Bleeding disorders are conditions that prevent the blood from clotting properly. When the blood does not clot normally, individuals can experience excessive or prolonged bleeding after surgery, trauma, injury, or even menstruation. Bleeding can also occur out of nowhere with no apparent cause. Numerous factors can cause improper blood clotting, including blood component defects. Blood disorders such as hemophilia are inherited conditions. Others can co-exist with anemia or leukemia.
During the normal clotting process, blood platelets stick together to form a clot or “plug” at the site of a wound. Proteins in the blood then form a fibrin clot that holds the platelets in place, preventing them from escaping the blood vessel. The clot enables the healing of the injured area. Too much clotting can be problematic and can lead to heart attack or stroke. Not enough clotting can lead to excessive bleeding.
Physicians have recorded bleeding disorders for thousands of years. Both the Bible and Talmud mention abnormal bleeding. The tenth-century physician Abu Khasim wrote of families whose male relatives died as the result of uncontrolled bleeding following trauma or injury. It wasn’t until the 19th century, however, that more careful study of conditions like hemophilia began, and it took until the 20th century to develop effective treatments for people with various bleeding disorders.
Known as the “royal disease,” hemophilia was so named because numerous people in Queen Victoria of England’s family developed it. Queen Victoria herself is thought to have been a carrier of hemophilia. This bleeding disorder is primarily genetic and impairs the blood’s ability to form clots. Hemophilia rarely affect females, and if it does, the symptoms tend to be mild, but males are more seriously affected. In Queen Victoria's time, boys with hemophilia often did not live past adolescence.
Owing to hemophilia's prevalence in the large royal family, the condition became quite famous. Perhaps the most famed sufferer was Russian Tsar Nicolas II’s son, Alexei. The boy’s condition may have had a role in the lead up to the Russian Revolution. Desperate for help, the boy’s mother turned to the supposed holy man Rasputin for help. Other well-known people with the condition include Prince Leopold (son of Queen Victoria) and the actor Richard Burton.
Clotting factors determine how severely an individual is affected by hemophilia. Serious cases can lead to spontaneous bleeding. Sometimes only a slight bruise can begin a bleeding event. Other symptoms include the presence of large bruises, excessive bleeding following a cut or after surgery, blood in the urine and stool, and excessive nosebleeds. Painfully swollen joints and irritability in infants can also indicate hemophilia.
While hemophilia is a rare bleeding disorder, von Willebrand Disease is a far more common condition that involves blood proteins. This disorder prevents blood from clotting properly but tends to be milder than hemophilia. Von Willebrand's disease is typically inherited and is lifelong. With treatment, most people with von Willebrand disease can lead active lives, particularly if they have a mild form of the condition. Individuals born with the faulty gene that affects a blood protein from functioning normally might not realize it for many years.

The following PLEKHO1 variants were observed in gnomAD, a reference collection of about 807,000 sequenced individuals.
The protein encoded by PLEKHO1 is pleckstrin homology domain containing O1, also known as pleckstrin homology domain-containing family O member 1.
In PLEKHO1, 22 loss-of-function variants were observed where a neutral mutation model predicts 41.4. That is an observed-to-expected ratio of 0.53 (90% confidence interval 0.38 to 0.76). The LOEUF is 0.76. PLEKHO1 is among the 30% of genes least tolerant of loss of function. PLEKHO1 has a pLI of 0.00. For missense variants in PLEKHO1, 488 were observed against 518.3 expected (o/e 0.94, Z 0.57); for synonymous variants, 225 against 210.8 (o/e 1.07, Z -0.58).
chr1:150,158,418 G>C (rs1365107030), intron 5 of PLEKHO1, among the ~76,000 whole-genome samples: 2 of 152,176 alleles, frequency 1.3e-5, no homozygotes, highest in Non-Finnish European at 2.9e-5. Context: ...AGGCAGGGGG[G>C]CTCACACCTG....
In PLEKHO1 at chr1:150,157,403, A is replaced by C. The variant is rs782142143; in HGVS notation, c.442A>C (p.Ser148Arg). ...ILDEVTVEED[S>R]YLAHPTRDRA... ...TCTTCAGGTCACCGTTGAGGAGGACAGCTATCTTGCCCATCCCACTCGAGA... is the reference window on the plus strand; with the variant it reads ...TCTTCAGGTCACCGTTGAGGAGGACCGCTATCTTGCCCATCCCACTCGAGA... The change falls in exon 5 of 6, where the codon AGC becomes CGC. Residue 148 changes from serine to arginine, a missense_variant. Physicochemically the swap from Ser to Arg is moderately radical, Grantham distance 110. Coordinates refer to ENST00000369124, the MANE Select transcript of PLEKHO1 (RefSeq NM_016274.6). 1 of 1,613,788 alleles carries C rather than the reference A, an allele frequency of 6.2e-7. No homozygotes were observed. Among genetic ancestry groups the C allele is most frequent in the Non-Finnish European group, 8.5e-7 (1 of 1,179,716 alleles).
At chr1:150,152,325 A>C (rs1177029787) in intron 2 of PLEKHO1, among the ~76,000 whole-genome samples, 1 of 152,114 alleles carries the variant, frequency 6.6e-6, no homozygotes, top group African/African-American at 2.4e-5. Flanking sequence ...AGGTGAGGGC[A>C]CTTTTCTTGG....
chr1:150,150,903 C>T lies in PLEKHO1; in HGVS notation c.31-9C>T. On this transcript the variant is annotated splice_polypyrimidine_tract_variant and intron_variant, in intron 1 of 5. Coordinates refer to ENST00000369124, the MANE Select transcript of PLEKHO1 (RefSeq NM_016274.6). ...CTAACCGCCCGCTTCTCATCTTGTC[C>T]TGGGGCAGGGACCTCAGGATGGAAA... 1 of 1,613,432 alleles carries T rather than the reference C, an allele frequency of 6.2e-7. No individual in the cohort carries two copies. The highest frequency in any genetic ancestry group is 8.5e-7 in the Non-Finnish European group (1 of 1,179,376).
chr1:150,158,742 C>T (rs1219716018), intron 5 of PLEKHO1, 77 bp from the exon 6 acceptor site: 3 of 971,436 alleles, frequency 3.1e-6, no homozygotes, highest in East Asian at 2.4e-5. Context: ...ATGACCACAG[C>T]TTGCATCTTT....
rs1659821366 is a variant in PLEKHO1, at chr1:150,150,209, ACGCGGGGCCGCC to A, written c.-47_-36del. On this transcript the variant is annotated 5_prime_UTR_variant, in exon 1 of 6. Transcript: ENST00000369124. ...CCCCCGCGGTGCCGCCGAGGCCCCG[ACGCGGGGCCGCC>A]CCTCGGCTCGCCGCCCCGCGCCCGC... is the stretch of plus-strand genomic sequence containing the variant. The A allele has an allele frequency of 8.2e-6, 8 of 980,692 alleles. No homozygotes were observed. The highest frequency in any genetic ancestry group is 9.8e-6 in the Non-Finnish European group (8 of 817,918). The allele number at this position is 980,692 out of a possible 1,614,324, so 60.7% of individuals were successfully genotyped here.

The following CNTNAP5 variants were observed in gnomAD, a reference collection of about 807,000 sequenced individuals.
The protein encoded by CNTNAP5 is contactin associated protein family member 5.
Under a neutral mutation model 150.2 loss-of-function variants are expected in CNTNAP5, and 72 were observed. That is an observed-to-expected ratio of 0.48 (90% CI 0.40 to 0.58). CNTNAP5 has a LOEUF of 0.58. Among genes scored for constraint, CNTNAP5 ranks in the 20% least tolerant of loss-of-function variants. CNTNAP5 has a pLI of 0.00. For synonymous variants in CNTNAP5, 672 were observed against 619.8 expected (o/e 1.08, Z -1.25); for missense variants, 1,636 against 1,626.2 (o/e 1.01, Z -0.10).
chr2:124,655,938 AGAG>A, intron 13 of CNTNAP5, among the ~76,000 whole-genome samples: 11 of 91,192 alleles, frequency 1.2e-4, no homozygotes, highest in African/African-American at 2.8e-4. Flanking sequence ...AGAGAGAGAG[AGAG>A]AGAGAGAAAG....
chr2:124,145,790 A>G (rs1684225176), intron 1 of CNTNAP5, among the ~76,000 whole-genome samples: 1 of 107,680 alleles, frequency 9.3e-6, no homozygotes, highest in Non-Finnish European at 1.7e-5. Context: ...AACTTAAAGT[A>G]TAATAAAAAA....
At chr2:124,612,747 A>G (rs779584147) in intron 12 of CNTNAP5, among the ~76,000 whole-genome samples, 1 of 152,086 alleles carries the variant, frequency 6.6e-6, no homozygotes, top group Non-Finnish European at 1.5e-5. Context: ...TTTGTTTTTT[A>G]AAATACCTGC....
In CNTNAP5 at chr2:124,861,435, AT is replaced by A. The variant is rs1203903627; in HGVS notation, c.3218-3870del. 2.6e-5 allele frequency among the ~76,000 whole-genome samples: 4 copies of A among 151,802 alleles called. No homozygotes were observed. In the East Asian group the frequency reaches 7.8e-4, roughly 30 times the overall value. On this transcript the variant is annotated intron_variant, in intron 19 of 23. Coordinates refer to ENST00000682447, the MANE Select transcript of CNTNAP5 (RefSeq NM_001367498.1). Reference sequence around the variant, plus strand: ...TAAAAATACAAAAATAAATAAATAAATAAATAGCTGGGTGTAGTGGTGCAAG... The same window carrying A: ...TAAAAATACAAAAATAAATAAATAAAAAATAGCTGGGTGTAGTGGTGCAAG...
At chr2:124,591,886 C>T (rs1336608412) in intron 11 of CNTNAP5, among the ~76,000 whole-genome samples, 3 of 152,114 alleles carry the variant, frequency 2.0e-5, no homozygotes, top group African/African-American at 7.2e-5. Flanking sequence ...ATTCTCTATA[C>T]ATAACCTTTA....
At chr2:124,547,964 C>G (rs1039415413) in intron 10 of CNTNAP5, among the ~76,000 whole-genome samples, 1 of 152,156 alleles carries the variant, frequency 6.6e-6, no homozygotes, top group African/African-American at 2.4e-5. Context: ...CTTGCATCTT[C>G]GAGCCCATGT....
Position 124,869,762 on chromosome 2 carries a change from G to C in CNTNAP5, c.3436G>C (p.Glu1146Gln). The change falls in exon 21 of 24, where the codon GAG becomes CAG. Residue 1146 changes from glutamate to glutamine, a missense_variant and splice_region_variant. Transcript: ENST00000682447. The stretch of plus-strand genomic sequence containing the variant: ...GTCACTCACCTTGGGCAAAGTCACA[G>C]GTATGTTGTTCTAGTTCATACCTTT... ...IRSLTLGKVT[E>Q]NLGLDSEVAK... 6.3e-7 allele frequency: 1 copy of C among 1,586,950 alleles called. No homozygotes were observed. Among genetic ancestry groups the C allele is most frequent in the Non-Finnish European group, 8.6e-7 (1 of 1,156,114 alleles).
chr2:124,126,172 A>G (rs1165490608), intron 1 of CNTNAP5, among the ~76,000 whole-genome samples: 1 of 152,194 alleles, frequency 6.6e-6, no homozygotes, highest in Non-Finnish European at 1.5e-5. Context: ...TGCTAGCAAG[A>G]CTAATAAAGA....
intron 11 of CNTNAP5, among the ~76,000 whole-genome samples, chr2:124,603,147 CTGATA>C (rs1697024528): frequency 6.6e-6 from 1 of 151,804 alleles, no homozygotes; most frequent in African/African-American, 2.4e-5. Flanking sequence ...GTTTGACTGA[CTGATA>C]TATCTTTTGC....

Abnormal bleeding is a hallmark of von Willebrand disease. People who have the disease may experience excessive bleeding after dental work, surgery, or injury. Nosebleeds lasting longer than ten minutes, heavy menstrual bleeding, susceptibility to bruising, and blood in the urine or stool are also indicative of this condition.
Historically, people with bleeding disorders did not reach adulthood. During Tsarevich Alexei’s time, doctors attempted blood transfusions but the blood needed to be fresh and there was no way to store it at that time. Even after blood and plasma for transfusions could be properly stored, the life expectancy remained around 20 years until the 1950s and 60s. In the 1930s, researchers determined diluted snake venom could promote blood clotting.
Blood transfusion remained a primary treatment for bleeding disorders during the 20th century. However, medical practitioners noted by the 1980s that HIV could be transmitted through blood and blood products, as could other diseases such as hepatitis. New and improved screening methods now ensure the safety of donated blood for transfusion.
By the 1990s, treatment for bleeding disorders had greatly advanced. Synthetic factor products became available, making transfusions from precious blood plasma unnecessary. Scientists invented new drugs to treat people with hemophilia type A and von Willebrand disease. Many children with hemophilia take a preventative treatment a few times a week to prevent bleeding episodes. In recent years, researchers have developed gene therapies that could correct hemophilia. Clinical trials for these therapies are ongoing.
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